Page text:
John 4:7-42John 19:28

Water. Mayim, in Hebrew: the waters of creation when the Spirit breathed on the face of the deep. For forty days and forty nights, water fell from the skies, flooding the whole earth. The infant Moses found safety floating on the waters of the Nile. And when he led the people out of Egypt, it was the waters of the Red Sea that parted. In the wilderness, it miraculously sprang from rocks. The Psalmist spoke of the deer longing for water as the soul longs for God. And in captivity in Babylon, the people sat by the waters and wept tears of grief.

Water. Hydor in Greek: the baptismal waters of the Jordan River. As Christ began his ministry, at Cana, he changed the water into wine. On the Sea of Galilee, Christ found his first disciples. He calmed the storm and walked on the face of the water. On the night he was betrayed, he washed the disciples’ feet. And when he was crucified, as the soldier pierced his side, blood and water flowed to the ground together.

Water. So simple: a mere two Hs and an O. So necessary: without it, we cannot live. And yet, so fearsomely powerful: the floods of Katrina, the Asian tsunami. In our Scriptures, it is a sign of judgment and sadness, a cause of suffering and fear. It is also a symbol of plenty and purity, a reminder of sustenance and salvation, a source of blessing and celebration.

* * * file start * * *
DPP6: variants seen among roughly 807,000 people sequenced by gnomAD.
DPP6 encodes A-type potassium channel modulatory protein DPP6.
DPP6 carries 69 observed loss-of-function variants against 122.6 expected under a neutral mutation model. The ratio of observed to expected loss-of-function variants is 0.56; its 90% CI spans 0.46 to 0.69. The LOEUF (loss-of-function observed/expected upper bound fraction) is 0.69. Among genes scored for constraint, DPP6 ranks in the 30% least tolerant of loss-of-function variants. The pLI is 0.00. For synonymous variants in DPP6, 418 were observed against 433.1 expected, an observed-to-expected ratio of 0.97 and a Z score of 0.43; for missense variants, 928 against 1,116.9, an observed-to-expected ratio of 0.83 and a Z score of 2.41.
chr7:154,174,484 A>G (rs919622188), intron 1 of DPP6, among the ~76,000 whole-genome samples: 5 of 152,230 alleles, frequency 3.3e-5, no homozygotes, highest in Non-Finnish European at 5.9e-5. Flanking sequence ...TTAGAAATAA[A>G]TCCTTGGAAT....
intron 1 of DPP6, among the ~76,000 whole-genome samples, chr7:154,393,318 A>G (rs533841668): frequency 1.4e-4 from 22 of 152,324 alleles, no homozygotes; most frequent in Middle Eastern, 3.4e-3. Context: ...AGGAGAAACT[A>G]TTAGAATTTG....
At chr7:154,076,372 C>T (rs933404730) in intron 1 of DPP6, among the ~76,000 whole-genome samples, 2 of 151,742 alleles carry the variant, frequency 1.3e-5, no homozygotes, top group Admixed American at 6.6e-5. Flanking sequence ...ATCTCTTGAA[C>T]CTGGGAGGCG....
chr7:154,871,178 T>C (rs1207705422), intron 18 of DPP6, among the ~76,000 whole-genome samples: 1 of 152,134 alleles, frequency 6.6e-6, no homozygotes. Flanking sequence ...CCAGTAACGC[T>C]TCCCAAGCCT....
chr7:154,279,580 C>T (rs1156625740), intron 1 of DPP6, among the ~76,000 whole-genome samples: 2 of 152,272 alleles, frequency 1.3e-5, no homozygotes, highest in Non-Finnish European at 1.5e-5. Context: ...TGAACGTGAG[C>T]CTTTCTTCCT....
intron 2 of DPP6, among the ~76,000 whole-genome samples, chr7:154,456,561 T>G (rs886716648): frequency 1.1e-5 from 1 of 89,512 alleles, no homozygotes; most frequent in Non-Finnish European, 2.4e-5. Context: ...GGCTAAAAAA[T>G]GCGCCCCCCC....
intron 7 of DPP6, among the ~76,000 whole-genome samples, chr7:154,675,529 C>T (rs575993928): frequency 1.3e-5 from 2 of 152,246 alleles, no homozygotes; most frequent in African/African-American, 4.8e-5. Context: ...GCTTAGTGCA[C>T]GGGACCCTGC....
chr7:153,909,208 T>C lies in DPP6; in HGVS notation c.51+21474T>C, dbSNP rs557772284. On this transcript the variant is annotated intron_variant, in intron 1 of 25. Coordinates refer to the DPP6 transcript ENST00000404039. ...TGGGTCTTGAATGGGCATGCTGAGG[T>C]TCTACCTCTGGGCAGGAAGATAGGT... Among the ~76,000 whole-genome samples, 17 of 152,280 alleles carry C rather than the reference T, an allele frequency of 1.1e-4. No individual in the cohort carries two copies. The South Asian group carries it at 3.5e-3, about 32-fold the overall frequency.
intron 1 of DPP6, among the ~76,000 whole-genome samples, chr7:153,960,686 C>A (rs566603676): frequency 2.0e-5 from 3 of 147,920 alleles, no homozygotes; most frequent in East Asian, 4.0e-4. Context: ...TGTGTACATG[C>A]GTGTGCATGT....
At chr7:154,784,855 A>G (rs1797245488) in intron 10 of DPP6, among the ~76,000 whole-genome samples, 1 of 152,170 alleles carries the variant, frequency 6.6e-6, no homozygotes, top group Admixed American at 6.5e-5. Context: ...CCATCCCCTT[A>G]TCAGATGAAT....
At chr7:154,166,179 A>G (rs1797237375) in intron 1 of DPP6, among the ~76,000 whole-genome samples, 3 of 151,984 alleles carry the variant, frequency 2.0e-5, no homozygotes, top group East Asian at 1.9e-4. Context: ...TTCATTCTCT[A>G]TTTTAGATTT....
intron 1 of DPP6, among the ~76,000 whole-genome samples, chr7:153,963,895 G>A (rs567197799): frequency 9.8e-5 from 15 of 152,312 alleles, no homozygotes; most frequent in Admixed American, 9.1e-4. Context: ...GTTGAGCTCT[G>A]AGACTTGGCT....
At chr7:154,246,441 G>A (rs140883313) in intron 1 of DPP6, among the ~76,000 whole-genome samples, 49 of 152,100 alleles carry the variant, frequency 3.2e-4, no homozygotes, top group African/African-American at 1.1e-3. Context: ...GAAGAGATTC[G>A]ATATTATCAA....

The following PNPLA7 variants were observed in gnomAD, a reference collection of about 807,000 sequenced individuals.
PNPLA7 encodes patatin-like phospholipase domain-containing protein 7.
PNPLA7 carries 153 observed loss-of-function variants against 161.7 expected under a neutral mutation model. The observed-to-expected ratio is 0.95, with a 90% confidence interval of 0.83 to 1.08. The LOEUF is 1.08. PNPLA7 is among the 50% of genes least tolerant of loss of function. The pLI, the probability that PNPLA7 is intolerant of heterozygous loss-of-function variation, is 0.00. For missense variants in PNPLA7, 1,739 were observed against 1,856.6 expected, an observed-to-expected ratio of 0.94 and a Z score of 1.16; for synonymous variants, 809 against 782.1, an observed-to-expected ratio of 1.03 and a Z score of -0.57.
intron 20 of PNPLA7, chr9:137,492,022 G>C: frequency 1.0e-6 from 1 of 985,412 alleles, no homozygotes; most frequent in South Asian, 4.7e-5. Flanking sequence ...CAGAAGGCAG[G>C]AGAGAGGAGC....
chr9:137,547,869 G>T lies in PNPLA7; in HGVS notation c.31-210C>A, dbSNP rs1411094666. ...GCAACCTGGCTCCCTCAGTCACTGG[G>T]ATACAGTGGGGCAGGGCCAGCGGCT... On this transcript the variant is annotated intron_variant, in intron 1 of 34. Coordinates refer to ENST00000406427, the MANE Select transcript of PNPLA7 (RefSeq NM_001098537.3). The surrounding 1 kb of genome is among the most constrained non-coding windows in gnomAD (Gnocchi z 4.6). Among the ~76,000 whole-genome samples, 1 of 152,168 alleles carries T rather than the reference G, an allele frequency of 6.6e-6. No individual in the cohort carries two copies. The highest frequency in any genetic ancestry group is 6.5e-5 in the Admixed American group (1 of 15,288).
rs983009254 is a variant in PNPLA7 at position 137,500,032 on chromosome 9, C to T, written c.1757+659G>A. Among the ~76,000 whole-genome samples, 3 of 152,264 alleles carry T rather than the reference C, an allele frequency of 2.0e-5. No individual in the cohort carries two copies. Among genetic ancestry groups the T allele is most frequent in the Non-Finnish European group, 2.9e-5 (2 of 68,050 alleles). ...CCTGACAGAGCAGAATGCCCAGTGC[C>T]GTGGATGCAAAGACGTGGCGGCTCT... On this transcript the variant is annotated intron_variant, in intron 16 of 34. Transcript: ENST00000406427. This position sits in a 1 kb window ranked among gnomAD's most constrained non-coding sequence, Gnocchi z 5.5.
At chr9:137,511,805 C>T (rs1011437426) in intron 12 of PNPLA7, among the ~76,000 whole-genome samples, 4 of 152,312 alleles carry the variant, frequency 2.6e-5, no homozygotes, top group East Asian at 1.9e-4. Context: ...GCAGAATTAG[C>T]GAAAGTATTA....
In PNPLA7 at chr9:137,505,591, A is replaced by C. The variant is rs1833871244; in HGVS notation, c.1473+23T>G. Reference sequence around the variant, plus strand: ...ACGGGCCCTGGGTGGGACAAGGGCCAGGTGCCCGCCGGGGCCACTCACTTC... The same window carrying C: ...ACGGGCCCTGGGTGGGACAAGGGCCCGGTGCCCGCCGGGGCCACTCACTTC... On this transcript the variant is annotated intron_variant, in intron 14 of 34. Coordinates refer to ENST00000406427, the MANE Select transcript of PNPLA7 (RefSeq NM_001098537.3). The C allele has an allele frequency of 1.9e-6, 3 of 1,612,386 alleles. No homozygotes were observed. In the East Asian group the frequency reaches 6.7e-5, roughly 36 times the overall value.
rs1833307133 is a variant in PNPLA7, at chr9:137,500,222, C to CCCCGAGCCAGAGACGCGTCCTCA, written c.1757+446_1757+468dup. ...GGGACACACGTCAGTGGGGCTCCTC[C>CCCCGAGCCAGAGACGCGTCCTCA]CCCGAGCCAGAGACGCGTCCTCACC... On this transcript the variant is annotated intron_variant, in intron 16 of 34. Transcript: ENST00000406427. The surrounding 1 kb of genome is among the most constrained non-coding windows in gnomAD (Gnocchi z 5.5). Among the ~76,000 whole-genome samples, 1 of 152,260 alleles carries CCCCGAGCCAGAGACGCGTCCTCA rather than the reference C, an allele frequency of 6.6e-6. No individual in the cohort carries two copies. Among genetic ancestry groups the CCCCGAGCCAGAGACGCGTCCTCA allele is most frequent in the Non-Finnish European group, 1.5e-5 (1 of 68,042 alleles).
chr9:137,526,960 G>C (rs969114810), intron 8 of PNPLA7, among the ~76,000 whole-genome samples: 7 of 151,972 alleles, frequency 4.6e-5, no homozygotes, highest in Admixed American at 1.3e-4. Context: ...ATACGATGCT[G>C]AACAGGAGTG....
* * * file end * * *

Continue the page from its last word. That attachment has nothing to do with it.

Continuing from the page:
Tonight, we remember that Christ did indeed thirst from the cross. We also note that, in his life, ministry, crucifixion, and death, he came to quench our thirst for the living water of God’s reconciling love. Tonight, it is this living water that infuses all that we do. The water of this font claims and names us as God’s precious children. The water of foot washing reminds us that Christ came not to be served, but to serve. And the sustenance we receive at this table satisfies our hunger for relationship and our thirst for healing.

sermonsMarthame Sanders